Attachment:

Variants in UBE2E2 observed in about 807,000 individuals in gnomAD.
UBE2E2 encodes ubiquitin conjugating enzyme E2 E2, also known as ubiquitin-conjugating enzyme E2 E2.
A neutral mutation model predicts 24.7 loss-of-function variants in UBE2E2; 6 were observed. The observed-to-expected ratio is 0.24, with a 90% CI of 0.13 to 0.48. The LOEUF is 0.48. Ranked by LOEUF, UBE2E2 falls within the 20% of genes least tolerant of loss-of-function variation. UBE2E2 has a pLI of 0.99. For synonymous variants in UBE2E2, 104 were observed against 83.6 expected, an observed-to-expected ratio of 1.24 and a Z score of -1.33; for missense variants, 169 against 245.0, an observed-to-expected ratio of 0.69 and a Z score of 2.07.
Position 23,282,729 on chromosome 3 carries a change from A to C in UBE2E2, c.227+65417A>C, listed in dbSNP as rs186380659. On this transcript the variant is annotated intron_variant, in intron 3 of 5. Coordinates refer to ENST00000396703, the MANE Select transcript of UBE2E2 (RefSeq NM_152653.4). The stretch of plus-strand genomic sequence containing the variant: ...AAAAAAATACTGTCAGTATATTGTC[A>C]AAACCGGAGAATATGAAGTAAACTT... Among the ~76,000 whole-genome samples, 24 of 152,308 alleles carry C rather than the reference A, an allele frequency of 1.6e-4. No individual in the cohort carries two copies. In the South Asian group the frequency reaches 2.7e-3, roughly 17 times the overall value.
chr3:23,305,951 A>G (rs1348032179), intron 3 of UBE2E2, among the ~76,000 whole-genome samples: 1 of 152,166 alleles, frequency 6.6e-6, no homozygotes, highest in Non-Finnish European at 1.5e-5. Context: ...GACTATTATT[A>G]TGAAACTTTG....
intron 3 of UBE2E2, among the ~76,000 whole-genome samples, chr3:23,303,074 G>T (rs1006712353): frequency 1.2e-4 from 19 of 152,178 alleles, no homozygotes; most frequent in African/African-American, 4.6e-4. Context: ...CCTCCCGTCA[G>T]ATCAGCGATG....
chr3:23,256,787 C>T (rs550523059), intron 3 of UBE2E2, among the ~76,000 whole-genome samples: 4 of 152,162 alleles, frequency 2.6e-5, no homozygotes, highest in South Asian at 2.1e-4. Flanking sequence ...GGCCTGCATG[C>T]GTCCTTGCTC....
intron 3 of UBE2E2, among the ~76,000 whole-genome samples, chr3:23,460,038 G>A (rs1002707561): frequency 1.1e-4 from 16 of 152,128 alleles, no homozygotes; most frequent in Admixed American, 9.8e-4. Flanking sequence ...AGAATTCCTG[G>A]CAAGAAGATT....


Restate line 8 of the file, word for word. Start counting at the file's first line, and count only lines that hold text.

intron 3 of UBE2E2, among the ~76,000 whole-genome samples, chr3:23,460,038 G>A (rs1002707561): frequency 1.1e-4 from 16 of 152,128 alleles, no homozygotes; most frequent in Admixed American, 9.8e-4. Flanking sequence ...AGAATTCCTG[G>A]CAAGAAGATT....